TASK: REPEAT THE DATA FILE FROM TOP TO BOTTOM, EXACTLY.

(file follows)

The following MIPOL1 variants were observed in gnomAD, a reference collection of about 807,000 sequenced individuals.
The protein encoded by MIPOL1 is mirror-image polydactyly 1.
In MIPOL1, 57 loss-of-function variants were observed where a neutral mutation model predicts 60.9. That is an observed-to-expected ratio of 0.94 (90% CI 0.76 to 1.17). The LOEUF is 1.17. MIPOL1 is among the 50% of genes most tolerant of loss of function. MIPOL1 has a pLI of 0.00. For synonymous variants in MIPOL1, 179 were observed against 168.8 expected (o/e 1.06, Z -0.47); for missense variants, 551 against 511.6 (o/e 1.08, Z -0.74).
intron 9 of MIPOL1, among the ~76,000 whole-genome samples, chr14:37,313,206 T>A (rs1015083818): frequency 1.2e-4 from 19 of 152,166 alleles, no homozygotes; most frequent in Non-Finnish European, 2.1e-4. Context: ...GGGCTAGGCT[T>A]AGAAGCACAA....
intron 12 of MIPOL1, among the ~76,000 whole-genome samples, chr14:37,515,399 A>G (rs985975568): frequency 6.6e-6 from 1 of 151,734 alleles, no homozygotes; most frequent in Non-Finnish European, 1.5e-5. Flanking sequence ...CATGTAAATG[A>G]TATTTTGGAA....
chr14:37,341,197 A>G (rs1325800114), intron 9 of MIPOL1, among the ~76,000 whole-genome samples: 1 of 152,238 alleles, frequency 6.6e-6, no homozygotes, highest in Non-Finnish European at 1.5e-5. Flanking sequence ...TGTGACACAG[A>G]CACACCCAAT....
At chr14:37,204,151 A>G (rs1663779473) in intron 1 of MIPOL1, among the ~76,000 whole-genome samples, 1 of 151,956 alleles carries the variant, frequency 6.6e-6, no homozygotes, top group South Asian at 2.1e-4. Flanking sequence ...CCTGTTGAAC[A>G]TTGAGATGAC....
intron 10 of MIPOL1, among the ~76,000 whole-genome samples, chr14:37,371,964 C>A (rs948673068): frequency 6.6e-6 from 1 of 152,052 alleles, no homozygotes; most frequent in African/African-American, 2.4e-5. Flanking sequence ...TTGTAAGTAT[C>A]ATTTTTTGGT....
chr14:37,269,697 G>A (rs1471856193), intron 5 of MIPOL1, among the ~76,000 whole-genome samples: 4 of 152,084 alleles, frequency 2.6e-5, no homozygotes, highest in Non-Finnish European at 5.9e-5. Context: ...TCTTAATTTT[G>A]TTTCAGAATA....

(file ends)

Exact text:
The following MIPOL1 variants were observed in gnomAD, a reference collection of about 807,000 sequenced individuals.
The protein encoded by MIPOL1 is mirror-image polydactyly 1.
In MIPOL1, 57 loss-of-function variants were observed where a neutral mutation model predicts 60.9. That is an observed-to-expected ratio of 0.94 (90% CI 0.76 to 1.17). The LOEUF is 1.17. MIPOL1 is among the 50% of genes most tolerant of loss of function. MIPOL1 has a pLI of 0.00. For synonymous variants in MIPOL1, 179 were observed against 168.8 expected (o/e 1.06, Z -0.47); for missense variants, 551 against 511.6 (o/e 1.08, Z -0.74).
intron 9 of MIPOL1, among the ~76,000 whole-genome samples, chr14:37,313,206 T>A (rs1015083818): frequency 1.2e-4 from 19 of 152,166 alleles, no homozygotes; most frequent in Non-Finnish European, 2.1e-4. Context: ...GGGCTAGGCT[T>A]AGAAGCACAA....
intron 12 of MIPOL1, among the ~76,000 whole-genome samples, chr14:37,515,399 A>G (rs985975568): frequency 6.6e-6 from 1 of 151,734 alleles, no homozygotes; most frequent in Non-Finnish European, 1.5e-5. Flanking sequence ...CATGTAAATG[A>G]TATTTTGGAA....
chr14:37,341,197 A>G (rs1325800114), intron 9 of MIPOL1, among the ~76,000 whole-genome samples: 1 of 152,238 alleles, frequency 6.6e-6, no homozygotes, highest in Non-Finnish European at 1.5e-5. Flanking sequence ...TGTGACACAG[A>G]CACACCCAAT....
At chr14:37,204,151 A>G (rs1663779473) in intron 1 of MIPOL1, among the ~76,000 whole-genome samples, 1 of 151,956 alleles carries the variant, frequency 6.6e-6, no homozygotes, top group South Asian at 2.1e-4. Flanking sequence ...CCTGTTGAAC[A>G]TTGAGATGAC....
intron 10 of MIPOL1, among the ~76,000 whole-genome samples, chr14:37,371,964 C>A (rs948673068): frequency 6.6e-6 from 1 of 152,052 alleles, no homozygotes; most frequent in African/African-American, 2.4e-5. Flanking sequence ...TTGTAAGTAT[C>A]ATTTTTTGGT....
chr14:37,269,697 G>A (rs1471856193), intron 5 of MIPOL1, among the ~76,000 whole-genome samples: 4 of 152,084 alleles, frequency 2.6e-5, no homozygotes, highest in Non-Finnish European at 5.9e-5. Context: ...TCTTAATTTT[G>A]TTTCAGAATA....